Juvenile Probation and Parole

The Maine Department of Corrections, Division of Juvenile Services, is an executive state agency providing institutional and community-based juvenile correctional services and programs statewide. This includes intake, probation, detention, shock sentence, commitment and aftercare services.

Probation and aftercare supervision is provided by Juvenile Community Corrections Officers (JCCOs).

JCCOS do not carry a firearm. They are classified as law enforcement officers. They have limited law enforcement powers of arrest. They have the legislative authority to arrest probation violators, aftercare (parole) violators, and those in violation of a Conditional Release status established by the Division or by the court pending disposition of an alleged juvenile offense. They have no authority to arrest other individuals for offenses unrelated to the above. This limitation is by statute.

The Division of Juvenile Services does not permit JCCOs to carry a firearm on the job as part of routine work.

At the time of the survey, it was not under consideration to allow JCCOs to carry a firearm.

There are no private companies providing juvenile supervision, detention or commitment services.

Adult Probation and Parole

Located within the Executive Branch of state government, the Department of Corrections, Division of Adult Community Corrections is responsible for adult felony and misdemeanant probation services. The Division of Adult Community Corrections provides all probation and parole services in the State of Maine.

In 1976, the State of Maine abolished parole. In 1998, a new program entitled “Supervised Community Confinement” was introduced targeted at prisoners with one year or less remaining on their sentence. Prisoners must apply to be admitted into the program and once admitted are supervised by probation officers within the Division of Adult Community Corrections.

In 1997, the state of Maine implemented a policy that required that all probation and parole officers in the state meet certain contact standards which included among other things, conducting home visits, often times during non-business hours. Concurrent with this requirement was a policy that required that all officers carry a firearm when meeting these contact standards for certain high risk offenders, especially that portion of the policy requiring after hour home visits or when engaged in other high risk activities.

While officers are not classified as peace officers, they do have the power to arrest or take into custody.

Although officers have the option to carry, all must attend the firearms/use of force training, which is a 40-hour training and proficiently complete the various phases of the training before being allowed to carry a firearm. Officers practice monthly and re-qualify semi-annually. Firearms education and training in the State of Maine is conducted through the firearms Training Unit at the Maine State Prison. All Maine probation officers must re-qualify annually in order to continue to carry their firearm.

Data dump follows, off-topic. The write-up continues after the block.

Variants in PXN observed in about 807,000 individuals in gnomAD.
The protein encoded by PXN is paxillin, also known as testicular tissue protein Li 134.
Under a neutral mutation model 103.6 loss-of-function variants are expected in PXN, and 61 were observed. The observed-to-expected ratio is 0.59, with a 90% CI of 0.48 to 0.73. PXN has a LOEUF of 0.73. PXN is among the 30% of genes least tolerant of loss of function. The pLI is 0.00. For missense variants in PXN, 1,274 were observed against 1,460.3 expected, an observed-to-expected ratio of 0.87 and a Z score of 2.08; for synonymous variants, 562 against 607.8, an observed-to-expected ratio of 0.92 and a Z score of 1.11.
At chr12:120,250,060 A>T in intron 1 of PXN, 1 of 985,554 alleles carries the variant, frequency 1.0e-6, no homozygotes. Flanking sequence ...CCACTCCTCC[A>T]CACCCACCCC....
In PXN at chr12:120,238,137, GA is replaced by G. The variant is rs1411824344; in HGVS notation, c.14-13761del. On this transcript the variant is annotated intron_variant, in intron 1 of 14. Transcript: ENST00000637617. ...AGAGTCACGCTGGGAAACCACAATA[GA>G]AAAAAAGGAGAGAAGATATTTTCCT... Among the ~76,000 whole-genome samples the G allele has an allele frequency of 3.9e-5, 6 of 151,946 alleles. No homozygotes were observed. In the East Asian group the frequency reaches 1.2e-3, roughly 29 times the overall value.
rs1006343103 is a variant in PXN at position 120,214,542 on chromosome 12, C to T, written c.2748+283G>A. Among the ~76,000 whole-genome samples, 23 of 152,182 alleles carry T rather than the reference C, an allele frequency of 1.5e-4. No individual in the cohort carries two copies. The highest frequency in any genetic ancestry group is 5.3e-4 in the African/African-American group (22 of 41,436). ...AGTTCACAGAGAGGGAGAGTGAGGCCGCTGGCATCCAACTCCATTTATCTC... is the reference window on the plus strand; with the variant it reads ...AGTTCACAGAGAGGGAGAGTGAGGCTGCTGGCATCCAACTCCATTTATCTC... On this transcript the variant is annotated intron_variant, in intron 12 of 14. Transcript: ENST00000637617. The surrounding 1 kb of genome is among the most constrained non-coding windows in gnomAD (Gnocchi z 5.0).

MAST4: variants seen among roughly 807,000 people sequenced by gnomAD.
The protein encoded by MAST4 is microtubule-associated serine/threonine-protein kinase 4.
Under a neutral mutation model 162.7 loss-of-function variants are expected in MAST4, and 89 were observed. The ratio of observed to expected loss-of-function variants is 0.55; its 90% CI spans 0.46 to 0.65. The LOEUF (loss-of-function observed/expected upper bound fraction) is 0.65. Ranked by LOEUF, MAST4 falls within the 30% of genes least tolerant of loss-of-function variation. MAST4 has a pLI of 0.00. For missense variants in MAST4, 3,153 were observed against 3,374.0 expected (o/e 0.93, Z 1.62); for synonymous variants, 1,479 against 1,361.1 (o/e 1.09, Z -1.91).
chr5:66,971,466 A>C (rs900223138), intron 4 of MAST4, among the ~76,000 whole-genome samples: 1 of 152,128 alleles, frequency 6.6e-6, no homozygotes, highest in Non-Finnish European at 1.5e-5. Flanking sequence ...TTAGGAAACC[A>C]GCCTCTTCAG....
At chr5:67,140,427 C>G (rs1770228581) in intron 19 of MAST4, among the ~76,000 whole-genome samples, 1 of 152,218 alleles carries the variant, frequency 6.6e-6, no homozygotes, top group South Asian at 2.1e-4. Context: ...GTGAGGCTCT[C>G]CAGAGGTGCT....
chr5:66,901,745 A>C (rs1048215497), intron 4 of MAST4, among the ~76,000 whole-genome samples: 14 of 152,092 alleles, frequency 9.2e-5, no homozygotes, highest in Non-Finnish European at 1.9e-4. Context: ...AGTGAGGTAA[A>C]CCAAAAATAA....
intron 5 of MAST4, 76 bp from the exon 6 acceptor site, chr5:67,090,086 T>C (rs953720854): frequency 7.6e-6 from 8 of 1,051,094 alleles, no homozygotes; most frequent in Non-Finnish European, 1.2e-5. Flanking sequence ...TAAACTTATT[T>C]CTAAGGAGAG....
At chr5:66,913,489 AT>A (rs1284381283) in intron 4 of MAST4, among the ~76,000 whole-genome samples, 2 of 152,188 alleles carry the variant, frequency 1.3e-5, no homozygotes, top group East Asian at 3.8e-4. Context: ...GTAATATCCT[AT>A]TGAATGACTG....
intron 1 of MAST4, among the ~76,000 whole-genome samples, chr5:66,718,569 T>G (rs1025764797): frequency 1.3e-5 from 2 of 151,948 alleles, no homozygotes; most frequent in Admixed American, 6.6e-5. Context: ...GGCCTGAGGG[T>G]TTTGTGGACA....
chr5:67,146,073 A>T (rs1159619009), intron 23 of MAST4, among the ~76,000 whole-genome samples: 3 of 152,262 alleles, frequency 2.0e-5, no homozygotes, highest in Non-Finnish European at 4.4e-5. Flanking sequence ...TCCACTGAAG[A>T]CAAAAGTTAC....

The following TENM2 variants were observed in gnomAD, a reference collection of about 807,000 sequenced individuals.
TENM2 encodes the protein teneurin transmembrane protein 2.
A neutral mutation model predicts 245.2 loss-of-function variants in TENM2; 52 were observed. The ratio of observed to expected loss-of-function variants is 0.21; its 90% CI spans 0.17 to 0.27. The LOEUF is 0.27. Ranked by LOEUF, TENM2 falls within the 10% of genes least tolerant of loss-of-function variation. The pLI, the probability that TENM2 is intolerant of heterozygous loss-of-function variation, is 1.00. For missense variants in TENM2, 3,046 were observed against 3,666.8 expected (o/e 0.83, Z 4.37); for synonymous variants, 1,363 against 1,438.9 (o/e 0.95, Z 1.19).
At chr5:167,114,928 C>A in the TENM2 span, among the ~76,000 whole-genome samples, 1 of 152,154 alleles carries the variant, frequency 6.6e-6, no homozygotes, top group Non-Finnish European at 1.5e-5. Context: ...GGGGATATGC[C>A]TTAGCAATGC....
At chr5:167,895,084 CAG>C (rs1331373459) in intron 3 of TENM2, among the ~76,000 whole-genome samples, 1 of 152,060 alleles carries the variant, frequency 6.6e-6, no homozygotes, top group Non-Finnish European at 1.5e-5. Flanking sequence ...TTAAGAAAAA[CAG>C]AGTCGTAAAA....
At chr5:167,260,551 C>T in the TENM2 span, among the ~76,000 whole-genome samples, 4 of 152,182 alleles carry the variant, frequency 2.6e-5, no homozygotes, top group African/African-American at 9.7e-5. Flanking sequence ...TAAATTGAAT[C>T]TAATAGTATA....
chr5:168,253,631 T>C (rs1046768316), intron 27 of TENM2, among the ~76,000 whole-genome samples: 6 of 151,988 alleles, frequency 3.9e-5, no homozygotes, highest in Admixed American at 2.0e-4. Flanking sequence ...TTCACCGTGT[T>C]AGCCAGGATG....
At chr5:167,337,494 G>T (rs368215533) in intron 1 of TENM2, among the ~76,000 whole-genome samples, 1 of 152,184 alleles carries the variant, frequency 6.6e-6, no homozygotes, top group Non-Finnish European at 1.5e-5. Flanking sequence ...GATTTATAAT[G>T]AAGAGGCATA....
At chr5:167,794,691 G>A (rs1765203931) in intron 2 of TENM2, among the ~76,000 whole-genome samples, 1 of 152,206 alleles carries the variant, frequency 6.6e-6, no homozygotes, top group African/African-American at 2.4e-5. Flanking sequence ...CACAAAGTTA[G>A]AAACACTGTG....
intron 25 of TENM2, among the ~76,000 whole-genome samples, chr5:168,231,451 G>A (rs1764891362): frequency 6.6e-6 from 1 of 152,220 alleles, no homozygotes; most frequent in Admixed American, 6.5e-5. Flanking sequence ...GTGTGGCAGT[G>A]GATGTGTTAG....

All probation and parole officers hired after implementation of the firearms policy are hired with the express condition that they first pass the firearms training course. Failure to achieve a passing score on the firearms course means that they cannot be offered employment as a probation and parole officer with this department. Officers who were employed prior to implementation of the firearms policy or officers who were hired after the implementation date, initially qualified but subsequently failed to re-qualify, cannot be terminated for failure to pass the firearms course but they will be offered remediation. Until such time as they obtain a passing score on the firearms course, officers who fall into this category will be required to be accompanied by another probation or law enforcement officer when conducting home visits on certain high risk clients or when they engage in other activities that the policy notes as requiring the presence of someone legally authorized to carry a firearm.

The State of Maine reserves the right to do psychological testing for new hires. If the Associate Commissioner for Adult Community Corrections has any concern as to the psychological well being of any officer he/she may request that the officer be referred for psychological testing.

There is no specific type of firearm required. The department has a certain number of firearms available. The calibers that are available through the department and that have been approved for the officers to provide are .44, .45, .357, and 9mm. When a departmentally issued firearm is not available, officers may select one of their own firearms contingent upon departmental approval.

For updates or corrections to the information on this page, please contact: Diane Kincaid